Comfort Shrimp Etouffee
Our family Shrimp Etouffee recipe. Adapted from many different recipes to suit our own tastes. This one is spicy and delicious, a dark Etoufee, not a pale imitation!
- Ready In:
- 1hr 5mins
- 1⁄4 cup butter
- 1⁄3 cup all-purpose flour
- 1 cup chopped onion
- 1 cup chopped celery
- 1⁄2 cup chopped green pepper
- 1⁄2 cup chopped red pepper
- 2 -3 garlic cloves, minced
- 1 lb raw shrimp, peeled and deveined
- 1 1⁄2 cups chicken broth
- 1⁄2 cup dark beer
- 1⁄4 cup chopped fresh parsley
- 1 teaspoon salt
- 1⁄8 teaspoon ground black pepper
- 1⁄8 teaspoon ground red pepper
- 1⁄8 teaspoon white pepper
- 1⁄8 teaspoon red pepper flakes
- 4 -5 dashes Tabasco sauce
- 3 cups hot cooked rice
- Melt butter in large cast iron skillet.
- The cast iron is very important as this is what helps develop the very dark color of the roux.
- Blend in flour and stir over medium heat, until the roux is dark brown.
- Be patient, this will take at least 20 minutes and should be the consistency of dark rich peanut butter.
- This is the key to good etouffee.
- Don't be tempted to turn up the heat, just keep stirring!
- Add onion, celery, green peppers and garlic; cook until tender crisp, 2 to 3 minutes.
- Add all spices except parsley and cook another 5-10 minutes.
- Stir in shrimp, beer and broth and simmer 15 minutes.
- Add fresh parsley and simmer five more minutes.
- Serve etouffee over hot cooked rice.
- Serve with icy cold beer and very crusty French bread.
MY PRIVATE NOTES
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I actually cook my roux at least an hour to get the deep dark result. I also think the entire dish minus the shrimp and parsley need to cook much longer. I prefer to cook mine until the celery is nice and tender, a couple of hours at least, Careful with the red pepper flakes and hot sauce. Add about half that which the recipe calls for then gradually add more until you get the what up to your preference. At this point you can add the shrimp if you want to eat it now. If you want to have it later just let it stand until ready to add the shrimp. The longer it stands the more the flavours meld into a rich etoufee.Reply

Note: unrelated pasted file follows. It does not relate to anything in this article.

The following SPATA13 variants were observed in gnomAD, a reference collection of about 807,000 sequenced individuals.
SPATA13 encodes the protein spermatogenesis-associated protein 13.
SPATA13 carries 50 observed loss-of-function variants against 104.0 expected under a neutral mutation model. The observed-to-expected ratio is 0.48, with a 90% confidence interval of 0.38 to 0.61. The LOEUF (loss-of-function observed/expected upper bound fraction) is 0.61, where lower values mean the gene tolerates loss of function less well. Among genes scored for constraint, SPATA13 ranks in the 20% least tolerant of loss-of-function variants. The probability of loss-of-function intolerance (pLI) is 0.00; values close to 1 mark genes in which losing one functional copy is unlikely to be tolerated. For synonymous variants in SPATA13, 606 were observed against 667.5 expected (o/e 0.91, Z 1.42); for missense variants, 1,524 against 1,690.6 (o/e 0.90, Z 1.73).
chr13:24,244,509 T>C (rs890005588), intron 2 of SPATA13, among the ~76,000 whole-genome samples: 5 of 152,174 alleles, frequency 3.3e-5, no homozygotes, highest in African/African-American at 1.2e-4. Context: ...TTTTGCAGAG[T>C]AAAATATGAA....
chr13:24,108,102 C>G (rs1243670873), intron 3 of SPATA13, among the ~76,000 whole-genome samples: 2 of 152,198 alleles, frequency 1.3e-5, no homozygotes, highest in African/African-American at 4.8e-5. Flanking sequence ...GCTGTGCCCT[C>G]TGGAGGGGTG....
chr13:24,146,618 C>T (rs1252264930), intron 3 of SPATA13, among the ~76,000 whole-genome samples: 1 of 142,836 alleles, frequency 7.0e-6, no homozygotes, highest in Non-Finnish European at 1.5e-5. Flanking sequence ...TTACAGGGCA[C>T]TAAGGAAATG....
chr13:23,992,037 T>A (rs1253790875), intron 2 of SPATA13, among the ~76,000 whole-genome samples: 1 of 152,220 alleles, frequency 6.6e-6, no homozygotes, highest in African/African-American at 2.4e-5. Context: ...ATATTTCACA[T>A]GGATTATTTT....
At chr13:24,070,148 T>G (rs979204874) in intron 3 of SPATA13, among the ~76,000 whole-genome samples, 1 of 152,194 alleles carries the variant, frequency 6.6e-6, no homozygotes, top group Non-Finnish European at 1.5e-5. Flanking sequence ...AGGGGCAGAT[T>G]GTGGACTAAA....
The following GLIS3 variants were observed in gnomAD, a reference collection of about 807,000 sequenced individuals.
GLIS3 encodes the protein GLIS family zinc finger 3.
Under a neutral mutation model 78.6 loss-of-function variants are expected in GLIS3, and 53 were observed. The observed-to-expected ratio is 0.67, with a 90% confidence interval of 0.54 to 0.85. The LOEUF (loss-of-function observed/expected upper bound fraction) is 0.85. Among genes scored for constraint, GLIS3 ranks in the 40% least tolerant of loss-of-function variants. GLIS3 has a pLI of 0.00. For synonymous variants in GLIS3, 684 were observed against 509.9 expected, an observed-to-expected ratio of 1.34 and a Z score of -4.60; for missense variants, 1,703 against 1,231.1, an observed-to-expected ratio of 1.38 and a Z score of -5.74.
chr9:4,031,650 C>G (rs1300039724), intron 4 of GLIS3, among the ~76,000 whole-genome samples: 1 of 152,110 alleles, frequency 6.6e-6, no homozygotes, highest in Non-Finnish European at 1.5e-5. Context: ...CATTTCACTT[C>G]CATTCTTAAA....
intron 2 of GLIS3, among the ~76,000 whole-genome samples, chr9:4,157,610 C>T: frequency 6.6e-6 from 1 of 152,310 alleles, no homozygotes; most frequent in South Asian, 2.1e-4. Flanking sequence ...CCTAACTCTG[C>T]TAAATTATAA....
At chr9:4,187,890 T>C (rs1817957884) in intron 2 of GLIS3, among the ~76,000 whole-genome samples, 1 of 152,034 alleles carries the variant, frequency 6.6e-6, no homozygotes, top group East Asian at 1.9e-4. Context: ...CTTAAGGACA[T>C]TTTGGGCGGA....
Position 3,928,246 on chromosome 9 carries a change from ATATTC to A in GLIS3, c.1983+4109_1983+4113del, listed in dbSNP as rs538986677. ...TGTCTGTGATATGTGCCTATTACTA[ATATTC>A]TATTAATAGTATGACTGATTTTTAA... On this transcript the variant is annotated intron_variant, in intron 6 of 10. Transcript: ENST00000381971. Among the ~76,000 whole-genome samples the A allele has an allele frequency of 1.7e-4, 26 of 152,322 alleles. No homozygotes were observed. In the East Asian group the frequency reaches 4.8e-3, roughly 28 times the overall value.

I first had Shrimp Étouffée in New Orleans for Mardi Gras this year (2014) and really liked it. This recipe is very authentic and tasted quite similar to the dish I had ordered in a restaurant. I used Guinness for the beer and substituted vegetable stock because I was out of chicken stock but it still turned out both delicious and authentic tasting. I would make it again.Reply
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